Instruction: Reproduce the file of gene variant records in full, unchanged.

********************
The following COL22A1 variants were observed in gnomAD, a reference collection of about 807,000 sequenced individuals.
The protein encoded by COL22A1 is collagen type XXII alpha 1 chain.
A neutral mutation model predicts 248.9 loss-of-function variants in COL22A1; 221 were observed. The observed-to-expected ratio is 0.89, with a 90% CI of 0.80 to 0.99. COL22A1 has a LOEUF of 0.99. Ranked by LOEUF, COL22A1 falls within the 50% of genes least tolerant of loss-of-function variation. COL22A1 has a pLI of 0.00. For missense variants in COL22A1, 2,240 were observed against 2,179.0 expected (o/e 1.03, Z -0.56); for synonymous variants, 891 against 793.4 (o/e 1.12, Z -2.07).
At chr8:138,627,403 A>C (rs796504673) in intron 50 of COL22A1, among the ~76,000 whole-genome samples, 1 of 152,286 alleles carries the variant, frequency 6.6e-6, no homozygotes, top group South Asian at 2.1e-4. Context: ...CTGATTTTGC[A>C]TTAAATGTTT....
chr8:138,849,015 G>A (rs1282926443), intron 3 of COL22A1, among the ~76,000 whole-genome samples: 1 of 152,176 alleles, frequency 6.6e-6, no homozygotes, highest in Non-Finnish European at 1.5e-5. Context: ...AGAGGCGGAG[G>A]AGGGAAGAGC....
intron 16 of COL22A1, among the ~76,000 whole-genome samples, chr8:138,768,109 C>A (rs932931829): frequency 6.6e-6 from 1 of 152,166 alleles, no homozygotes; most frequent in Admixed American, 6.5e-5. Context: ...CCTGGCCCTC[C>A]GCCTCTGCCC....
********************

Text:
The following COL22A1 variants were observed in gnomAD, a reference collection of about 807,000 sequenced individuals.
The protein encoded by COL22A1 is collagen type XXII alpha 1 chain.
A neutral mutation model predicts 248.9 loss-of-function variants in COL22A1; 221 were observed. The observed-to-expected ratio is 0.89, with a 90% CI of 0.80 to 0.99. COL22A1 has a LOEUF of 0.99. Ranked by LOEUF, COL22A1 falls within the 50% of genes least tolerant of loss-of-function variation. COL22A1 has a pLI of 0.00. For missense variants in COL22A1, 2,240 were observed against 2,179.0 expected (o/e 1.03, Z -0.56); for synonymous variants, 891 against 793.4 (o/e 1.12, Z -2.07).
At chr8:138,627,403 A>C (rs796504673) in intron 50 of COL22A1, among the ~76,000 whole-genome samples, 1 of 152,286 alleles carries the variant, frequency 6.6e-6, no homozygotes, top group South Asian at 2.1e-4. Context: ...CTGATTTTGC[A>C]TTAAATGTTT....
chr8:138,849,015 G>A (rs1282926443), intron 3 of COL22A1, among the ~76,000 whole-genome samples: 1 of 152,176 alleles, frequency 6.6e-6, no homozygotes, highest in Non-Finnish European at 1.5e-5. Context: ...AGAGGCGGAG[G>A]AGGGAAGAGC....
intron 16 of COL22A1, among the ~76,000 whole-genome samples, chr8:138,768,109 C>A (rs932931829): frequency 6.6e-6 from 1 of 152,166 alleles, no homozygotes; most frequent in Admixed American, 6.5e-5. Context: ...CCTGGCCCTC[C>A]GCCTCTGCCC....